As the University of Miami gears up for the imminent Presidential Debate, the Wellness Center has closed for the use of media. The Wellness Center was chosen for its size and proximity to the Convocation Center-the location of the debate-and was actually one of the reasons UM was chosen to host the event. The gym is scheduled to reopen Friday at noon. While the gym is closed, aerobics and yoga classes will be held in the UC Ballrooms.
As of last week, the Wellness Center had already been undergoing transformations. Students faced some disappointments even before the entire gym closed.
“It’s going to be the worst week ever,” said Ashley Dobble, a sophomore who goes to the gym five times a week. “They’re ruining it already-they had no free weights today. It’s horrible.”
Many have asked why no pro-rated fee was offered to students and other patrons, to take into consideration the loss of gym services. Norm Parsons, director of Wellness and Recreation, explained that no group was offered a pro-rated fee because the University still needs to pay for upkeep of the facilities. He mentioned that even during hurricanes there is no reduced price.
During the debate, approximately 2,000 media representatives will be expected. Two thousand desks, Ethernet cables and phone wires will be set up. Center Court will be used for interviews and be called Spin Alley.
While creating a temporary gym under tents or somewhere outside of the building was contemplated, ultimately it was deemed too difficult and dangerous to the machines. Wellness Center administrators explained that the schools that are able to set up tents don’t have hurricanes; Miami is in fact expecting high speed winds due to Hurricane Jeanne.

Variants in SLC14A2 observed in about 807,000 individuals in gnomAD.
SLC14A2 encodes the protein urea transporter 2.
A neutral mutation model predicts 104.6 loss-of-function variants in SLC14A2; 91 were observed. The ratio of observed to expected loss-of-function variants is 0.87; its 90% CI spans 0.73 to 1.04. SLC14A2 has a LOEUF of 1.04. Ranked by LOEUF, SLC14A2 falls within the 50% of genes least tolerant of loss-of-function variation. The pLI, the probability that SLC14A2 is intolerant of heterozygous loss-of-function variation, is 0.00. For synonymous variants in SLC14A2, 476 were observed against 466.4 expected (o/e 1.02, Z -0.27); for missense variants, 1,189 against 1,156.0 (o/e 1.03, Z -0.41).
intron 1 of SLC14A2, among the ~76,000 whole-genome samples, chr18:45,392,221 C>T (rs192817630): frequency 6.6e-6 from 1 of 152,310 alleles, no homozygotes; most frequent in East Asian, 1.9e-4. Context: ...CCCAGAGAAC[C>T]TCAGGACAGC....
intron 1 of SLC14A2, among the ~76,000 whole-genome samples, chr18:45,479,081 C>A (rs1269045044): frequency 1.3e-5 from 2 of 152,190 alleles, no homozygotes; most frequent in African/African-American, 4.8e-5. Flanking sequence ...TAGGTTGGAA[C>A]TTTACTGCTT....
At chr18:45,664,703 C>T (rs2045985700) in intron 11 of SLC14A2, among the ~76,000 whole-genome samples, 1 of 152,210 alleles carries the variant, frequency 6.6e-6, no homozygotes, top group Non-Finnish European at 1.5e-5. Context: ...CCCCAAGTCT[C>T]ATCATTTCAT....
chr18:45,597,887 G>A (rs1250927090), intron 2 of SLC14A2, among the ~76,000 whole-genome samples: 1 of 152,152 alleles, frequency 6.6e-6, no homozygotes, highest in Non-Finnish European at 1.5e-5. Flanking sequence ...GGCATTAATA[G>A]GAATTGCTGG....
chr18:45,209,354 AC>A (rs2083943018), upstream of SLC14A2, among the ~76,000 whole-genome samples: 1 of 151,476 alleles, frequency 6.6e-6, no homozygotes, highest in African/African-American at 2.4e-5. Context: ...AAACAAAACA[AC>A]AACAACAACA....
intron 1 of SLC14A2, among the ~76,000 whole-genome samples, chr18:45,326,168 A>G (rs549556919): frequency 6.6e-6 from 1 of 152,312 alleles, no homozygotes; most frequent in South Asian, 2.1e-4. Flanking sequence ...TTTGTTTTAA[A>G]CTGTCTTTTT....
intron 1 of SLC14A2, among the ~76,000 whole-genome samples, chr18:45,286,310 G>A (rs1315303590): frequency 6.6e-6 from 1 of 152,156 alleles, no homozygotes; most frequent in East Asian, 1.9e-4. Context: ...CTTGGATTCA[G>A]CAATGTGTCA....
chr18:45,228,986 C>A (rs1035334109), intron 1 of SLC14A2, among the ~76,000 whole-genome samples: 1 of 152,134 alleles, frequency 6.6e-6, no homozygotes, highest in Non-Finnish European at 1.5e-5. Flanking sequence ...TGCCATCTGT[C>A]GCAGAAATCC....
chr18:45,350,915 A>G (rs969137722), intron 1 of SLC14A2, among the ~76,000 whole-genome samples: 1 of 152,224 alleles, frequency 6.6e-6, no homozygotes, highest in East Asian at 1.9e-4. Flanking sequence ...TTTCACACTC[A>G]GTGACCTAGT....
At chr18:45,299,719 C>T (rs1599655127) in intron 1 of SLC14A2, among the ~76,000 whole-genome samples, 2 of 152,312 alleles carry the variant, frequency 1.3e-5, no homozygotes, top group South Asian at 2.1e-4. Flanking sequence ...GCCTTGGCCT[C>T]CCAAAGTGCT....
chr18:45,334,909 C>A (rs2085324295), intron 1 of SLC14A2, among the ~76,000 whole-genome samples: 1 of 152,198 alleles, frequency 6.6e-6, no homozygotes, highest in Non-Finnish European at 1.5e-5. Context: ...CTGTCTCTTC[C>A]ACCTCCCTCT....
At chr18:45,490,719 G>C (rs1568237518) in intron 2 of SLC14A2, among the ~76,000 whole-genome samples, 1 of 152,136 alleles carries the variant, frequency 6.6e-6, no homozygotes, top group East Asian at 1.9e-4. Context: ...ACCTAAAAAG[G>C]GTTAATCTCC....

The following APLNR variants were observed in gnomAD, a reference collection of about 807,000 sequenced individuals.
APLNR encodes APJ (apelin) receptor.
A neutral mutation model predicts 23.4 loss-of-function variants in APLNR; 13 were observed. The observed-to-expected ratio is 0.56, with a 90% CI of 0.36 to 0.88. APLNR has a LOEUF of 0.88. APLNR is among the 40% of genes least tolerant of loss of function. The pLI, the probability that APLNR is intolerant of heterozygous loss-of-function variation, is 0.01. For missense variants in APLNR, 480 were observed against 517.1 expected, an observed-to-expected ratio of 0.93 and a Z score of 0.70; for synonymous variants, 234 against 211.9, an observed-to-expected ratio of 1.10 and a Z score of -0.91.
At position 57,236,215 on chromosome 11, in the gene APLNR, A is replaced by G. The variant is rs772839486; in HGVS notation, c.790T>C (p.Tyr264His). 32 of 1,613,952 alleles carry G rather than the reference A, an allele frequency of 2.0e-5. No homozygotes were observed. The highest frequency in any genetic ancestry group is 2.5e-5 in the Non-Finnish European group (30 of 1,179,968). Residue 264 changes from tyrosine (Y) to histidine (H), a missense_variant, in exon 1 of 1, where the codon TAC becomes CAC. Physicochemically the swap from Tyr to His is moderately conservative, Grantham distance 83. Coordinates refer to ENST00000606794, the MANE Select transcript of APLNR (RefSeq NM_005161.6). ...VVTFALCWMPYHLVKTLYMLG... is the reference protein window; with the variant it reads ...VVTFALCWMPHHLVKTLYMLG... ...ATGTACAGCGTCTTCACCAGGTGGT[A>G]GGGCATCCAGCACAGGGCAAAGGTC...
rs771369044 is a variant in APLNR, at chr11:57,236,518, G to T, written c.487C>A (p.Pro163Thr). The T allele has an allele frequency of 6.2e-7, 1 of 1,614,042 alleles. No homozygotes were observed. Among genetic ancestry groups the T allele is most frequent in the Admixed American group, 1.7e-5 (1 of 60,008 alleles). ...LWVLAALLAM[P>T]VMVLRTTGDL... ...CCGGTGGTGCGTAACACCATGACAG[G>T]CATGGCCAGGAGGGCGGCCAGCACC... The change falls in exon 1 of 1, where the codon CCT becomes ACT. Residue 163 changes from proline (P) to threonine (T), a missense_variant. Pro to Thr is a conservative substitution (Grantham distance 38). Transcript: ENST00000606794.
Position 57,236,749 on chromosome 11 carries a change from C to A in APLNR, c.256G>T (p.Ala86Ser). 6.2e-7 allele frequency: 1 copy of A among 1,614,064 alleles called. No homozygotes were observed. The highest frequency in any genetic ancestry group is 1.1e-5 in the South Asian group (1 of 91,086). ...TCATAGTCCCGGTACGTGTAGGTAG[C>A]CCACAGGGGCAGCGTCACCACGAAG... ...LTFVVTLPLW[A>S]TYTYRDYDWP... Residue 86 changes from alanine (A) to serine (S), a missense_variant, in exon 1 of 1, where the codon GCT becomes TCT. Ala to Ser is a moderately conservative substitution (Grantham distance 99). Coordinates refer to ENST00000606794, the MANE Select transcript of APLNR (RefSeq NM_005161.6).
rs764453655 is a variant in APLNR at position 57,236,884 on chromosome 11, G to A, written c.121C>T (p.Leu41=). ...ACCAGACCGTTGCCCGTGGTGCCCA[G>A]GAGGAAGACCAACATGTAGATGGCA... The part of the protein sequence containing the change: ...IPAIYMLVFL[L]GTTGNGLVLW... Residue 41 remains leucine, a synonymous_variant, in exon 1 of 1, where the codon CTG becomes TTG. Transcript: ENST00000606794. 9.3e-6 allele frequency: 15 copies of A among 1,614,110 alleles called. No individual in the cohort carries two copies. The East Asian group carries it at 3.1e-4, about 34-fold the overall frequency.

Another alternative discussed was using the athletes’ gym during this time. However, that gym was booked with athletic team practices, and the facility mainly contains weightlifting equipment, while students usually utilize cardio machines.
“I don’t know why they didn’t use the Convocation Center [for media], but I guess the Convocation rooms were being used for something else, like the parties,” said Zach Schneider, a senior who works at the Wellness Center.
Although a majority of students are displeased with the gym closing, they are also aware of the need to use the Wellness Center and accept it as part of holding the debate.
The gym will reopen Friday at noon.
While the gym is closed, aerobics and yoga classes will be at the UC Ballrooms.
“I’m kind of upset, but I understand why [the gym is being closed],” Stephanie Wood, sophomore, said. “They need to put the media somewhere.”
Ali Butrico, a junior volunteering in the debate, is highly supportive of the decision.
“Being a political science student, I am very involved in this year’s Presidential election and I think it is an honor for the University to be taking such an important role in the upcoming election by hosting the debate,” Butrico said. “To me, it’s a small price to pay-and exercise can be done in many other places besides a gym.”
Some students are skeptical that with the debate running well into Thursday night, the Wellness Center will be able to open soon the following day. They are doubtful that the transition from getting the media out, to putting all the equipment back, can be as quick as administration says.
Areas not used for the debate are scheduled to open as early as possible on Friday. Students are advised to call the Wellness Center’s main number, 305-284-8500, on Friday for more information.
Candice Castaneda can be contacted at email@example.com.